88% of the population professes to believe in God, while the number of agnostics and atheists is constantly dropping: a study examines religion’s comeback in former kingdom of State atheism.
By Alessio Schiesari
The long slog is over. The exile of the Orthodox Church from Russian society began in ’17 with the October Revolution and the birth of “gosateizm”, or State atheism. Ninety five years on, the Patriarchate in Moscow is reliving its youth all over again. A recent survey carried out by the Levada Centre has captured the religious sentiment within the Federation: 79% of Russians profess themselves to be Orthodox, 6% Muslim and 3% are Jews, Catholics and Protestants. Believers as a whole make up 88% of the Russian population. This figure is higher than what it was before the Bolshevik revolution. The number of agnostics is constantly falling (7%), while barely 5% call themselves atheists. Following the fall of the USSR, just 34% of the Russian population called themselves believers. If this figure is compared to today’s, we see that in the past twenty years more than one in two Russians has discovered the faith. The spiritual counter-revolution affects members of the Orthodox faith above all, those who suffered the forced policies of “atheization”. From its very birth, the regime tried to uproot the roots of the Orthodox faith from Russia’s social fabric. The figures help us to understand the extent of the phenomenon: in 1919 there 54 thousand popes (priests?) active in the USSR. Twenty years later, there were just 500 left. Before the accession of the Bolsheviks to power there were a thousand churches in the capital. After the fall of the wall, only 40 remained. Since the fall of the USSR this number has steadily risen and today there are about 500 churches.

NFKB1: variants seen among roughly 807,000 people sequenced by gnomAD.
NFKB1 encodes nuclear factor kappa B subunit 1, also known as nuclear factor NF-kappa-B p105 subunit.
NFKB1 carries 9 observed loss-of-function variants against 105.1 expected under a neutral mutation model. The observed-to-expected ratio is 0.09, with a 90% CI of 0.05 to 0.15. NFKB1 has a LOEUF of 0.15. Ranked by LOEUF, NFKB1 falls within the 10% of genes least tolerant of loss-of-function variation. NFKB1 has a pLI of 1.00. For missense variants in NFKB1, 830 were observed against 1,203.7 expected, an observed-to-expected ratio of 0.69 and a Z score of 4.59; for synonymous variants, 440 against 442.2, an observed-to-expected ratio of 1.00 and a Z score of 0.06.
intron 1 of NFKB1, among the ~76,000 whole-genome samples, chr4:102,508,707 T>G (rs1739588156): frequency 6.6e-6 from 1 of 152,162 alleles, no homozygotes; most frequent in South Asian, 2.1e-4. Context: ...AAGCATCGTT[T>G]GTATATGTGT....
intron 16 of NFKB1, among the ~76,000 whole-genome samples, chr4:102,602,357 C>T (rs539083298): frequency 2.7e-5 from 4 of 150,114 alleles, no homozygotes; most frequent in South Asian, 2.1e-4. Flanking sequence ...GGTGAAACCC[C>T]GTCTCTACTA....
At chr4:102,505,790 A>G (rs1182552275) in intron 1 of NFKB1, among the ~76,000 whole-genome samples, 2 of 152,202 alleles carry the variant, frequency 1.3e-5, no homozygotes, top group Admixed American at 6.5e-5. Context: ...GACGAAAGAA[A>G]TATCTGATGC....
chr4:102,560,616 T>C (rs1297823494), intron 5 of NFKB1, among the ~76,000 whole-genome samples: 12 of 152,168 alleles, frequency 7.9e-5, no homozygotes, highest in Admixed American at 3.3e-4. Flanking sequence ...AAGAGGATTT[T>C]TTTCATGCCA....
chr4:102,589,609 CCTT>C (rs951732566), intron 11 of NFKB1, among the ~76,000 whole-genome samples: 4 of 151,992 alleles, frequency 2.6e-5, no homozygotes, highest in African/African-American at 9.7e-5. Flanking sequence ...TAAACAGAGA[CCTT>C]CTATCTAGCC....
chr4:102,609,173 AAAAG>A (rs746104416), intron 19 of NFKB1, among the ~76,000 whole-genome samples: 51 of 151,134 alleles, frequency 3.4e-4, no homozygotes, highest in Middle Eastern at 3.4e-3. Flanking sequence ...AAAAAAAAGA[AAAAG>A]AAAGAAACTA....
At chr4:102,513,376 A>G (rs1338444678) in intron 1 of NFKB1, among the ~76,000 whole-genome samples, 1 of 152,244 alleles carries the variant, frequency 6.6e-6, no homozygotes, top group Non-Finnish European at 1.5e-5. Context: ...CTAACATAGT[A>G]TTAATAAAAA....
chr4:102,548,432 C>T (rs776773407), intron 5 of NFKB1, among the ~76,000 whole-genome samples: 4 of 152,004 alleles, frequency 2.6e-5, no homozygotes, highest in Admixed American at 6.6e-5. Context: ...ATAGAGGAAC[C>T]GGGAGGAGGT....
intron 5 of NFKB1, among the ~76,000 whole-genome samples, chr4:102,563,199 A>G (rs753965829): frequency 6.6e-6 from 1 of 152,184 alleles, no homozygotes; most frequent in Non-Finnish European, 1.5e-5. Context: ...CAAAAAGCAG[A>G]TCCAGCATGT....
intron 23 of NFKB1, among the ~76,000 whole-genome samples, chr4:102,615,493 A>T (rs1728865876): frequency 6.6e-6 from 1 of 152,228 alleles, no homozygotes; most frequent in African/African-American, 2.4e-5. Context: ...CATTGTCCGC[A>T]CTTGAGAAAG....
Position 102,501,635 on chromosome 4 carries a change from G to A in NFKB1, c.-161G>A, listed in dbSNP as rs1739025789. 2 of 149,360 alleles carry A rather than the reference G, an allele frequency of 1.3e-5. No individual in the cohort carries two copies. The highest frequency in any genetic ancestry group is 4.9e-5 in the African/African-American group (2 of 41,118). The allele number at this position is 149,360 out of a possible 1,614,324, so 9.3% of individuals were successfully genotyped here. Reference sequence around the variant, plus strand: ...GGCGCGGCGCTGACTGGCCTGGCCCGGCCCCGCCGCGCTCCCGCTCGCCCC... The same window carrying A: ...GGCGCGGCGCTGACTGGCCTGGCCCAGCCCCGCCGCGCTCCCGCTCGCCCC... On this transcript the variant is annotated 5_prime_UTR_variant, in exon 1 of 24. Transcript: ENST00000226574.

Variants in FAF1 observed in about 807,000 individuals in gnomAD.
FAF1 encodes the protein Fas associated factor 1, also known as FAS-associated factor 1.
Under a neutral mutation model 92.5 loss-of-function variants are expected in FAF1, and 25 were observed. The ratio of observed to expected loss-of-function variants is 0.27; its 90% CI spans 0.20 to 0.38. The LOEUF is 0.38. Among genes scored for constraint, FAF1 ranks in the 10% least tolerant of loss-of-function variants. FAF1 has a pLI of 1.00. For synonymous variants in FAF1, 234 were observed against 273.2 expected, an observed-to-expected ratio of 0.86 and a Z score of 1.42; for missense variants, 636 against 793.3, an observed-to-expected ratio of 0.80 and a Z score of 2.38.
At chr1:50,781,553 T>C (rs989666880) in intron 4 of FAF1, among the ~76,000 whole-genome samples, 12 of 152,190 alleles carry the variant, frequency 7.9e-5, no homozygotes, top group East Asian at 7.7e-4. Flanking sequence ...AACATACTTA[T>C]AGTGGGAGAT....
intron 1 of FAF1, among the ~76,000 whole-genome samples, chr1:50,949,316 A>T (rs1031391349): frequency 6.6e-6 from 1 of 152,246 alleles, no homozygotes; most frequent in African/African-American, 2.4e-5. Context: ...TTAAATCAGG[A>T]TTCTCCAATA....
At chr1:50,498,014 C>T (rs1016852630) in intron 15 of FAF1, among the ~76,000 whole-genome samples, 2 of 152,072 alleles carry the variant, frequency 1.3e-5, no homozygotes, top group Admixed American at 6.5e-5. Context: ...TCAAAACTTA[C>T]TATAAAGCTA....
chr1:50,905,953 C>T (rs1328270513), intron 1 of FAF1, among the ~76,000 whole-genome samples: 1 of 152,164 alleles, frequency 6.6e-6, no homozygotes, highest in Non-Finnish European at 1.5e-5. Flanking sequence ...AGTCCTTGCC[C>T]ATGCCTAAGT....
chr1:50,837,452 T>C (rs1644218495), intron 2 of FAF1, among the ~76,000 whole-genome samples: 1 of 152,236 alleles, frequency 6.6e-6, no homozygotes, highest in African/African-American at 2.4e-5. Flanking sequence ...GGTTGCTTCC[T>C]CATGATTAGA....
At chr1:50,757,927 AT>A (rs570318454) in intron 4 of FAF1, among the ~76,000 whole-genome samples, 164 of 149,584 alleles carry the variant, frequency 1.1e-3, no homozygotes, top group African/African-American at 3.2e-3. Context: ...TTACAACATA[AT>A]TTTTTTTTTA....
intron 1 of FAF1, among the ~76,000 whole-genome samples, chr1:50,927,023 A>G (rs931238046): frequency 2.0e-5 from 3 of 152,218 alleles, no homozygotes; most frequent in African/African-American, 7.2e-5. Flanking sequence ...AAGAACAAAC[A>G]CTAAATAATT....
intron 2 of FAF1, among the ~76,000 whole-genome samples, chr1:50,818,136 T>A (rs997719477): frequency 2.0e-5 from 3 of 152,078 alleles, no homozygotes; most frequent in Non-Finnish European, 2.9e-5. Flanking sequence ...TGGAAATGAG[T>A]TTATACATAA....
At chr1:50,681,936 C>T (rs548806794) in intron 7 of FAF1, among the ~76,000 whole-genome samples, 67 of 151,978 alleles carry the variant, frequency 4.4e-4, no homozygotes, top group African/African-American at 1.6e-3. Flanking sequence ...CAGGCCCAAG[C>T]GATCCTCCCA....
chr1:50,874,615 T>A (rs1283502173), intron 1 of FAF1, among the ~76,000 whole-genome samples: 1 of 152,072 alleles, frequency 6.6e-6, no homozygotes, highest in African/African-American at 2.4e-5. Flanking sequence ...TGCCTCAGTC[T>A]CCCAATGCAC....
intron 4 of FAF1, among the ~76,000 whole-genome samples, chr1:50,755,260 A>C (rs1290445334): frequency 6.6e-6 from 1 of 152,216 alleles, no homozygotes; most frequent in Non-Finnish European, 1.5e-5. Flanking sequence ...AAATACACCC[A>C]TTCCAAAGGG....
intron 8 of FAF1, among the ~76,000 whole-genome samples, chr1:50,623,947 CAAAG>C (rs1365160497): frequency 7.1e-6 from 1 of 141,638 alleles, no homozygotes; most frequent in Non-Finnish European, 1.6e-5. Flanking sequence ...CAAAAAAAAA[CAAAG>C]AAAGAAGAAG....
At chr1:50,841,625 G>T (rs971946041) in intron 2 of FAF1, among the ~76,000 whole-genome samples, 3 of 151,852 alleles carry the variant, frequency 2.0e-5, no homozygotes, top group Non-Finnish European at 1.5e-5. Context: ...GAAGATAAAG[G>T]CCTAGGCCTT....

Secularisation continued at the same pace, forced along by the five-year plans. The number of Orthodox faithful dropped by 75% in the years before the revolution, plummeting to a meagre 8 – 10% in the 70’s. Everything pointed to religion disappearing definitively. But then a decade later things slowly started to change and the Church took its first timid steps towards recovery. In the 80’s on the occasion of the thousand-year anniversary of the establishment of the Moscow Patriarchate, Gorbacev defined the Church as “a milestone in Russian culture” and called upon believers and atheists “to refound socialism”.
But this joint refoundation never took place because Marxism crumbled just three years later. In the period which succeeded the fall, being part of the Orthodox Church substituted national identity which people had lost touch with. Even among those who claimed to be believers, the acceptance of religious dogma remained a dead letter: paradoxically, many of those who went back to seeing themselves as Christians, continued not to accept the idea of life after death.
Since Vladimir Putin came to power, State and Church ties have been restored, with religion sacralising the nation and the nation protecting religion. The Russian President’s relations with the Patriarchs of the Orthodox Church, first Aleksej II and then Cyril I as of 2009, are excellent, both on a personal and an institutional level. According to the Levada Centre study, 10% of Russians believes that the Orthodox Church is deeply involved in political affairs and 41% believes it is quite involved. Patriarch Kirill I takes enormous care of his relations with State leaders. Last year, in a burst of enthusiasm, the Patriarch defined Putin’s twelve years in power as a “miracle of God.” After the “gosateizm” years, the Russian Orthodox Church and the Kremlin have finally made peace again.